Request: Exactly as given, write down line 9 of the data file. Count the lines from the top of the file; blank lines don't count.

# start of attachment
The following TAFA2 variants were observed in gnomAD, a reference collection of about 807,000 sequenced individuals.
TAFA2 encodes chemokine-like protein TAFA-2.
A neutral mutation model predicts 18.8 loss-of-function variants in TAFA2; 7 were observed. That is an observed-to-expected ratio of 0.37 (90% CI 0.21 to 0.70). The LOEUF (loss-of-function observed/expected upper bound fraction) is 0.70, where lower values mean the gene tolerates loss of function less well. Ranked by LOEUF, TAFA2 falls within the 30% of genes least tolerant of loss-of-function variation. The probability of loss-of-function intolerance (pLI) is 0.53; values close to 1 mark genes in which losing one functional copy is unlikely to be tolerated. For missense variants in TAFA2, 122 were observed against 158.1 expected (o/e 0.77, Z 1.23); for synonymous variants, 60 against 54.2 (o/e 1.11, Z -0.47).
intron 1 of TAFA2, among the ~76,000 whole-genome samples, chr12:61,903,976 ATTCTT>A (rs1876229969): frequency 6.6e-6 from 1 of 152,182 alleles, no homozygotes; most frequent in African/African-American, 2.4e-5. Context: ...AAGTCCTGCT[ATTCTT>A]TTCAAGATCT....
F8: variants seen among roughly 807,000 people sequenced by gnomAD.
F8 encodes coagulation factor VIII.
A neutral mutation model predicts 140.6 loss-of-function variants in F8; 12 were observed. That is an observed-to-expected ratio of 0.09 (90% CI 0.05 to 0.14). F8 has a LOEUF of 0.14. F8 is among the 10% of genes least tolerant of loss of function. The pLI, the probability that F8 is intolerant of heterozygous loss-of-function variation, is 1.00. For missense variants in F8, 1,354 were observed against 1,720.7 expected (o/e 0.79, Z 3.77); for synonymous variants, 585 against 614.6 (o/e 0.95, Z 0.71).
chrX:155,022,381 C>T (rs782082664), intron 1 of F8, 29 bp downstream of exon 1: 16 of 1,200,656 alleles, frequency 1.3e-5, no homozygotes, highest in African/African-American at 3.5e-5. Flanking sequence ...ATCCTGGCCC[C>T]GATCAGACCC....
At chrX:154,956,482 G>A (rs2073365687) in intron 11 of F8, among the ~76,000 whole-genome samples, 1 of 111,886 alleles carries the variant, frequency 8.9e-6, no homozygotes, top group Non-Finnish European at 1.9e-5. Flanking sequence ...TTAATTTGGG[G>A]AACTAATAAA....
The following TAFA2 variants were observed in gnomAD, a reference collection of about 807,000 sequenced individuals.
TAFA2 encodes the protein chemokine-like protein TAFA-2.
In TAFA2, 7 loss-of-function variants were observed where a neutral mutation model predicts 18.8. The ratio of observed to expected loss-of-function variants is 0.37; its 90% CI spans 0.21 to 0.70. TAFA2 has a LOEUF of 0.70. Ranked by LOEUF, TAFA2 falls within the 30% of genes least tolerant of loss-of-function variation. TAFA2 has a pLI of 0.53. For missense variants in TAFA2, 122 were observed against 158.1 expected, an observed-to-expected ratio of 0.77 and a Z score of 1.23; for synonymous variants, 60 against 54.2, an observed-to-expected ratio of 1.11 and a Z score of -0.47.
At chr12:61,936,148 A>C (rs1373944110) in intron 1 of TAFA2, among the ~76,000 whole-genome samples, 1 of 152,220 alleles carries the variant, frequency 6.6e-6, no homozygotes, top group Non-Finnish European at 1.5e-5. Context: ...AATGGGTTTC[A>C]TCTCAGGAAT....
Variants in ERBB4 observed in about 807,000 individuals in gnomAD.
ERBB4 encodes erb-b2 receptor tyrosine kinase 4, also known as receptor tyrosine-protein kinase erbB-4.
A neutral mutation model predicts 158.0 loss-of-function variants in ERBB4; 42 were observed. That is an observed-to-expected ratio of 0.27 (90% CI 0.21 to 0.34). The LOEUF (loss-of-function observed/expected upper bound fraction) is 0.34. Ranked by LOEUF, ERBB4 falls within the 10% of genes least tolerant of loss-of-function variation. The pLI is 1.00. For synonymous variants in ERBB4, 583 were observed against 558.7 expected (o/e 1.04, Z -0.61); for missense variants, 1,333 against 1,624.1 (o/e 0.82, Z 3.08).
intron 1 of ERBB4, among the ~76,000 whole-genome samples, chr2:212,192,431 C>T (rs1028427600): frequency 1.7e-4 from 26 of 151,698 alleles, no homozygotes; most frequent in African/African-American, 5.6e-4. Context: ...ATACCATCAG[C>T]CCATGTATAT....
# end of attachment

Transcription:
At chrX:154,956,482 G>A (rs2073365687) in intron 11 of F8, among the ~76,000 whole-genome samples, 1 of 111,886 alleles carries the variant, frequency 8.9e-6, no homozygotes, top group Non-Finnish European at 1.9e-5. Flanking sequence ...TTAATTTGGG[G>A]AACTAATAAA....